The outlook for growth in 2009 remained strong and largely unchanged during the rising inflation episode of 2008, but between October 2008 and April 2009, forecasts dropped by an average of 3½ percentage points. Oil exporters were especially hard hit, and countries with fixed exchange rate regimes fared worse than floaters (Box 1). All groups anticipated a rebound in 2010, although with forecasts remaining well below precrisis expectations. Interestingly, despite the collapse in anticipated growth, the outlook for inflation continued to rise between October 2008 and April 2009, though pressure was expected to abate quickly. Inflation outcomes were diverse, depending on local market conditions and on the impact of policies to control or subsidize food and fuel prices. On average, inflation peaked early in 2008:Q3 at about 16 percent, 10 percentage points above the second half of 2007 (Figure 2.4).

Figure 2.4.Frequency of Changes in Inflation

Sources: IMF, International Financial Statistics; and IMF staff estimates.

With most central banks in the region targeting interest rates and reserve money growth at different times depending on circumstances, it is useful to consider the relationship between both of these instruments and broader banking and economic aggregates. In terms of policy interest rates, monetary authorities generally responded to inflationary pressures by raising them (Figure 2.5). Increases were, however, modest and the average rate in the region edged up by only ½–1 percentage point, resulting in highly negative ex post real rates.

Figure 2.5.Frequency of Changes in Policy Rates

Sources: IMF, International Financial Statistics; and IMF staff estimates.

This measured response is consistent with a supply shock that was expected to be transitory. With inflationary expectations contained and adequate financing available to cover transitory impacts on the balance of payments and fiscal accounts, policy makers might reasonably have chosen to implement countercyclical stabilization policies to smooth demand and accommodate transitory price pressures. Policy rates also responded to global market conditions, including risk premiums. From October 2008, the preponderance of policy rate changes led to an easing in the monetary stance, lowering the average policy rate to 8 percent, the lowest for many years. In non-oil countries with floating regimes, policy rates followed a global interest rate index (comprising the Libor and the Emerging Market Bond Index (EMBI) spread), although at a much higher level and with a lag of about one quarter (Figure 2.6). Policy rates in non-oil fixed rate countries were at a similar level and moved synchronously with the global index, but the response was more muted.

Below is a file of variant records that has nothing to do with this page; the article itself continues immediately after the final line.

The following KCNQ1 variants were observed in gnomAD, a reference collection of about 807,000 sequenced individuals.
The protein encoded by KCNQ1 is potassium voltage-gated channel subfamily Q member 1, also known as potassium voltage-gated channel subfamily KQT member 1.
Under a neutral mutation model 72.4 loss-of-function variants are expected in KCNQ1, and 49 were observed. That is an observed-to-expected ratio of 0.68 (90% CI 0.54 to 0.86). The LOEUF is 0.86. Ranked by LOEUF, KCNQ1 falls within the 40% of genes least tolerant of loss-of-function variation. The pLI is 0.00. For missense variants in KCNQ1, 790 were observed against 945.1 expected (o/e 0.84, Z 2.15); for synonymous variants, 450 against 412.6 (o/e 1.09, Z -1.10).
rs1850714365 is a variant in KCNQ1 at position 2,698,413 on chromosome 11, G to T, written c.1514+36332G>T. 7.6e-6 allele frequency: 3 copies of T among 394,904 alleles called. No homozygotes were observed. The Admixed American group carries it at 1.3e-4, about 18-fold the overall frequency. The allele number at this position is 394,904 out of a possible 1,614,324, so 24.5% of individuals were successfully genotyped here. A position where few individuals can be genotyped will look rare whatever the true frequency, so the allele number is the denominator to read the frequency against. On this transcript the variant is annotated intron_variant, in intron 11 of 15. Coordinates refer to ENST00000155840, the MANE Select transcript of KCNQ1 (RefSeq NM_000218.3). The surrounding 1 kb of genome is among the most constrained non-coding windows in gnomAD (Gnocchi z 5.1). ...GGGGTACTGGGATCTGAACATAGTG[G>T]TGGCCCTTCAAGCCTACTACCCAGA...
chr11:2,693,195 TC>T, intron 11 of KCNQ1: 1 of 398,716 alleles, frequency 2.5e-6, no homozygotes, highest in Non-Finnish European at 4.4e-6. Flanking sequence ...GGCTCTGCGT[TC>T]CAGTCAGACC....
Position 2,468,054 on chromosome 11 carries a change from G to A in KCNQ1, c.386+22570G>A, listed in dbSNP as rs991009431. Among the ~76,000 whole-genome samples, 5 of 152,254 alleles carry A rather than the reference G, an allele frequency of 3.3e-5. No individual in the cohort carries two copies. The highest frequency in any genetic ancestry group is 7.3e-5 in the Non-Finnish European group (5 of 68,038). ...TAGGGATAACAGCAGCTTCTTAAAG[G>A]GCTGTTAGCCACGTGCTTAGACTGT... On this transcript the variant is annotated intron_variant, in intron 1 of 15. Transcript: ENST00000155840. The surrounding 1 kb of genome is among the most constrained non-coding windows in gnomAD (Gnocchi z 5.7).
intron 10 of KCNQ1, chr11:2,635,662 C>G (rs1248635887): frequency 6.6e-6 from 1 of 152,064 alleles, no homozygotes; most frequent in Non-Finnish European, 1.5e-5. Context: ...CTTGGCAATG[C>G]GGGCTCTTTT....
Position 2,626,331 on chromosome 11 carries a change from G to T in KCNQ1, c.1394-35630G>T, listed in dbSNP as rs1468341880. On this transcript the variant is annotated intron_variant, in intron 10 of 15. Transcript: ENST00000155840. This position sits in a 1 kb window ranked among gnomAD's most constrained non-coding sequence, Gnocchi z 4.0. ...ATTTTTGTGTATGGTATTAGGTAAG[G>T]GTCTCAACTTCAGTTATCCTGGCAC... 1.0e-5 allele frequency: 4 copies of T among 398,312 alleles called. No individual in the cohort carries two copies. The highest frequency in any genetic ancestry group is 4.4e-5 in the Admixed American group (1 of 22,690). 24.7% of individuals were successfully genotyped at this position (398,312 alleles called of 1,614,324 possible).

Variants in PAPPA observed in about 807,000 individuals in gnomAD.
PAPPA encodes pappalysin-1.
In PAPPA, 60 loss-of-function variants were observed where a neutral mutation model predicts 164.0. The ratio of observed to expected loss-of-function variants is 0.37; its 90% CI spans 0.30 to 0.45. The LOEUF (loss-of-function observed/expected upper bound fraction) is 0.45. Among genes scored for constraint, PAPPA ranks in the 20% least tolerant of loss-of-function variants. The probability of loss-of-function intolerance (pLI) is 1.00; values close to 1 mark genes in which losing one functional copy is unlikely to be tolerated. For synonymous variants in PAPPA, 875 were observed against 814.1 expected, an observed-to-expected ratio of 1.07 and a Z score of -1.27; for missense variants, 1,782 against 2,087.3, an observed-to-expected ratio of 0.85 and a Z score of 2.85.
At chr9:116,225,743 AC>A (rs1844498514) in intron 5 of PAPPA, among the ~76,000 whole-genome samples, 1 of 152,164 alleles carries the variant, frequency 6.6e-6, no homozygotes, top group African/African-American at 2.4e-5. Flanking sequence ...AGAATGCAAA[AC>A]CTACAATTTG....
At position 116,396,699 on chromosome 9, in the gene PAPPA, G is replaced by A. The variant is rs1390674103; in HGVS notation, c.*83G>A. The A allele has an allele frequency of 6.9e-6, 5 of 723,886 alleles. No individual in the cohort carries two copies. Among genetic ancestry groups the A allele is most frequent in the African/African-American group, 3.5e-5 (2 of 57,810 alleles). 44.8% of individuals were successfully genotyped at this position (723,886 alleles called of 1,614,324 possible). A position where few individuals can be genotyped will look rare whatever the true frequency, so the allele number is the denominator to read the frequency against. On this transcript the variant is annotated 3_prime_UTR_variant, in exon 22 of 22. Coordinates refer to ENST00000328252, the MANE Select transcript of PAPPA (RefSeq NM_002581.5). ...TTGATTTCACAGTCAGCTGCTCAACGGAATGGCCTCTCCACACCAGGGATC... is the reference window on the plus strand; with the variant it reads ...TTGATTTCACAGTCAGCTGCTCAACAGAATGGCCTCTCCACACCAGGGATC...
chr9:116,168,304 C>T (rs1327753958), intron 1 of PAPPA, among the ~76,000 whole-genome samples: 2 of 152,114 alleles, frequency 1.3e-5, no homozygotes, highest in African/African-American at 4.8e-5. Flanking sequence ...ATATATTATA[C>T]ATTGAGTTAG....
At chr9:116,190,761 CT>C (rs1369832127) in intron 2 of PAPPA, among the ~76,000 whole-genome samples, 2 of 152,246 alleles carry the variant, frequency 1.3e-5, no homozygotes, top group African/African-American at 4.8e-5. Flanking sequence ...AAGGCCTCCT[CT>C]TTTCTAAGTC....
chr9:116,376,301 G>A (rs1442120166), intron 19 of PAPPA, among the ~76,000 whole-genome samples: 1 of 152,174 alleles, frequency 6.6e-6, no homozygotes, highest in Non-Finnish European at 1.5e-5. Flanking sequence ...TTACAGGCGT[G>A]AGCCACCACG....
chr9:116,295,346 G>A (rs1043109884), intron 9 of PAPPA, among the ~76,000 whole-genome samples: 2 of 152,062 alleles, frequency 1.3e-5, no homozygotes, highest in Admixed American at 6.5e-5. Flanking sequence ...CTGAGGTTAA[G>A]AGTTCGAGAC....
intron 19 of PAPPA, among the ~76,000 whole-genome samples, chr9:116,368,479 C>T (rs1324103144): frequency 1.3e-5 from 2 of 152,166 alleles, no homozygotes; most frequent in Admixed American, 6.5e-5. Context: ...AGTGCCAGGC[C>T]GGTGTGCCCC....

Figure 2.6.Sub-Saharan Africa: Policy Rates

Sources: IMF, International Financial Statistics; and IMF staff estimates.

Changes in reserve money growth provide an alternative measure of policy changes. Oil exporters had extreme volatility in monetary growth (because of changes in foreign reserves linked to commodity prices), compared with almost no movement in interest rates (Figure 2.7). At the other extreme, non-oil floating exchange rate countries, which hiked and later cut their discount rates by about 4–6 percentage points, chose to raise reserve money growth during the commodity price shock but lowered it as inflationary pressures abated. Non-oil fixed exchange rate countries experienced considerable reserve money growth volatility during the price shock but also subsequently lowered reserve money growth as inflation subsided.

Figure 2.7.Sub-Saharan Africa: Reserve Money Growth

Sources: IMF, International Financial Statistics; and IMF staff estimates.

While the monetary response was broadly as expected in terms of nominal interest rates—first a moderate tightening to accommodate most of the first round of the price shock, followed by a reduction as the external environment deteriorated and growth began to slow—inflation developments reversed this countercyclical response. Real rates turned negative with the spike in inflation in 2008, but subsequently rose as inflation plummeted, at the same time that growth started slowing down.

In retrospect, monetary policy might have been loosened more aggressively at that point, though in light of rising risk premiums, the scope for reducing policy rates without triggering more outflows is unclear (see discussion of risk premiums and exchange rates in the next section). Moreover, average nominal policy rates by mid-2009 were the lowest they had ever been.

How Did Monetary Policy Affect Macroeconomic Performance?